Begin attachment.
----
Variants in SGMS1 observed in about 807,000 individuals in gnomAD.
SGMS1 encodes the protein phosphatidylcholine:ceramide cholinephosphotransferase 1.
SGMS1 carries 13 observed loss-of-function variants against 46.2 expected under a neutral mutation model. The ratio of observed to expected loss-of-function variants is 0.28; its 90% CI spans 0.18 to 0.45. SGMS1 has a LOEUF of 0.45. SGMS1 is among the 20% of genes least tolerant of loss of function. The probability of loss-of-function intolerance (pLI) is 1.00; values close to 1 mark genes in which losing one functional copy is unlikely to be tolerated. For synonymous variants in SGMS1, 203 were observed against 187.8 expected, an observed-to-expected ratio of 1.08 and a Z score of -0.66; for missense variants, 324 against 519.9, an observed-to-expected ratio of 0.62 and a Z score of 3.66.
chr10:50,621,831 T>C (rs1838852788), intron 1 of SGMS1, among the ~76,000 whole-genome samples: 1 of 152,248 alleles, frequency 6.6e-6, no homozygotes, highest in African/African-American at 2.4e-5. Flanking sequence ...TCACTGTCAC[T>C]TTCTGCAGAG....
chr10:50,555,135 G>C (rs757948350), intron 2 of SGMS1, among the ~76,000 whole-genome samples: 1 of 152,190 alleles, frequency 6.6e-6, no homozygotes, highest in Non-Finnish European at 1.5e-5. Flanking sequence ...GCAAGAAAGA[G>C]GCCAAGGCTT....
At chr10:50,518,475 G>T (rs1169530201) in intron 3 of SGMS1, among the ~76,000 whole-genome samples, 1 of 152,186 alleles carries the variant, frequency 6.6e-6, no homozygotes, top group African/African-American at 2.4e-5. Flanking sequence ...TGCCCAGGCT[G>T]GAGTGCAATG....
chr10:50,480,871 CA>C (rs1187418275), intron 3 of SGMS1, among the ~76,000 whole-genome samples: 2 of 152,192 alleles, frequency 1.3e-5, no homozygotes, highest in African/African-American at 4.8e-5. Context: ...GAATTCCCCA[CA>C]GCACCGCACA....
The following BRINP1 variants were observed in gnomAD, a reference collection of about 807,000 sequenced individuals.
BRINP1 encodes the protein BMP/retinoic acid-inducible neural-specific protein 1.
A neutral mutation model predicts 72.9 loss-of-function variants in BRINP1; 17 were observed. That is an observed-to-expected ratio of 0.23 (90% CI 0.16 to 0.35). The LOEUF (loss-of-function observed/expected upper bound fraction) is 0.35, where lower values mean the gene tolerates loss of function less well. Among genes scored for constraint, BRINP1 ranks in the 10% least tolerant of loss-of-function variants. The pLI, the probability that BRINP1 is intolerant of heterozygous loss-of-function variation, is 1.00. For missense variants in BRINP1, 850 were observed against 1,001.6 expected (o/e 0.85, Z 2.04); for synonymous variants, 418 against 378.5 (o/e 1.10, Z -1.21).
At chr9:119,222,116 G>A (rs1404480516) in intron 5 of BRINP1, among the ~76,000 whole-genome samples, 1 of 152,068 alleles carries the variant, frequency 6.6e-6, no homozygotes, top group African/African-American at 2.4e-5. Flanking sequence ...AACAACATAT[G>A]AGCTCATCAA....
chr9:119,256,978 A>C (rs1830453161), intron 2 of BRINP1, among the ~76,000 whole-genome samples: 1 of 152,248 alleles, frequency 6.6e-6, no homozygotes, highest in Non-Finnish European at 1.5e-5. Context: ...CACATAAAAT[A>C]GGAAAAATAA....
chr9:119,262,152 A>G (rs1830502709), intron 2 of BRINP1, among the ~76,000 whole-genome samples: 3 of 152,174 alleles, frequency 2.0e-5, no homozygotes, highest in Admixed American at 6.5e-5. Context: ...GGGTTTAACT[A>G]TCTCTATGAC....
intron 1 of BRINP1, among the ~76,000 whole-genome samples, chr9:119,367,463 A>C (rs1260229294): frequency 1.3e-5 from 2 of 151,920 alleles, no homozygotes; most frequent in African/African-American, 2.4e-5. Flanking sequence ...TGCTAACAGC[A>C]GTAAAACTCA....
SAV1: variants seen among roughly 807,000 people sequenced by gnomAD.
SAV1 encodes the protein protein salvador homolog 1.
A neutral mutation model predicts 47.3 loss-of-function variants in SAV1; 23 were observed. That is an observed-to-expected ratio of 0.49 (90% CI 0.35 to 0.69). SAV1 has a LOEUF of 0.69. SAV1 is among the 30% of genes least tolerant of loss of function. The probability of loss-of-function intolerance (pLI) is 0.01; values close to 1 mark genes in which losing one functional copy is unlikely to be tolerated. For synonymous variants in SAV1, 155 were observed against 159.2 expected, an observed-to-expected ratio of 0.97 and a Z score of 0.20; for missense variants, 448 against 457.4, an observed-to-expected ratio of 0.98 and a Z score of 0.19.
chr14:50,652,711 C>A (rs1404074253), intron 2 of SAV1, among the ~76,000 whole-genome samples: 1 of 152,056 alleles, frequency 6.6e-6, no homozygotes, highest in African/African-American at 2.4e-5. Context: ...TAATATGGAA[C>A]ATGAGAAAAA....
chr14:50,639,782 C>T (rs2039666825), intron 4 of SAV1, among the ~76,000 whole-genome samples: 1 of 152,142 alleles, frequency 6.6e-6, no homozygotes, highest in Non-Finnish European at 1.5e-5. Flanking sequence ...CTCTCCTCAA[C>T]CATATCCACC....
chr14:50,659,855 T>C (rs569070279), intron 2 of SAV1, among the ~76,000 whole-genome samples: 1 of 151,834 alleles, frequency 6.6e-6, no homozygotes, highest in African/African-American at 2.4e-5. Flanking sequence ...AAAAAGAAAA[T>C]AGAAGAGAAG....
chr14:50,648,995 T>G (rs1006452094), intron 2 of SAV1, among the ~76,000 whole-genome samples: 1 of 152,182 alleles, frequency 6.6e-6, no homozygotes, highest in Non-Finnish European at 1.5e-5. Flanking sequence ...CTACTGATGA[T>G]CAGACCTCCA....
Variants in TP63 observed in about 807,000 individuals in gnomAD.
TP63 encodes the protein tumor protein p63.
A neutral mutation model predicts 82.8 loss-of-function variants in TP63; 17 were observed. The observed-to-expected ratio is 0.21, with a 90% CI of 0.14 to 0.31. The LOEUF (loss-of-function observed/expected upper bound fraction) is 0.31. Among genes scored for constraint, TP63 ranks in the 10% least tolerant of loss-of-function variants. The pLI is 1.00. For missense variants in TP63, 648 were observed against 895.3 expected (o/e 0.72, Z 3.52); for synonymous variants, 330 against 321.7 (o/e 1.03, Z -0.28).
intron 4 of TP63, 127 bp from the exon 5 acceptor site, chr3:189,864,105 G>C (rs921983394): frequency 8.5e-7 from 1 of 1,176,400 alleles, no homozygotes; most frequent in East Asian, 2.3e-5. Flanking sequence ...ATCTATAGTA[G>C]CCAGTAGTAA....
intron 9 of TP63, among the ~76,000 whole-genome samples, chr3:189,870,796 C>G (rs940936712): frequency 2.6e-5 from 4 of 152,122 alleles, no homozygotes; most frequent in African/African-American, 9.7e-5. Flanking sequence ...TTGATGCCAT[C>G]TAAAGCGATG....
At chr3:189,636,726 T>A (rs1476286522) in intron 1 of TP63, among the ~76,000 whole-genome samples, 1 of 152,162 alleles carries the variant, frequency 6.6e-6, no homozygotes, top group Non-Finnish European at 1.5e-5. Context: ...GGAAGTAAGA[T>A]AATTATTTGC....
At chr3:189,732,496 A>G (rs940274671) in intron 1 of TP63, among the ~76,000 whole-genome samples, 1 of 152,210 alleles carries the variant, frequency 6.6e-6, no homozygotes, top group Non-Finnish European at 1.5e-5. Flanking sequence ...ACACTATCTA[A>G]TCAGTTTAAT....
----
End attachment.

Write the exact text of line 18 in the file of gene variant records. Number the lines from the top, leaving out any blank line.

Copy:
chr14:50,652,711 C>A (rs1404074253), intron 2 of SAV1, among the ~76,000 whole-genome samples: 1 of 152,056 alleles, frequency 6.6e-6, no homozygotes, highest in African/African-American at 2.4e-5. Context: ...TAATATGGAA[C>A]ATGAGAAAAA....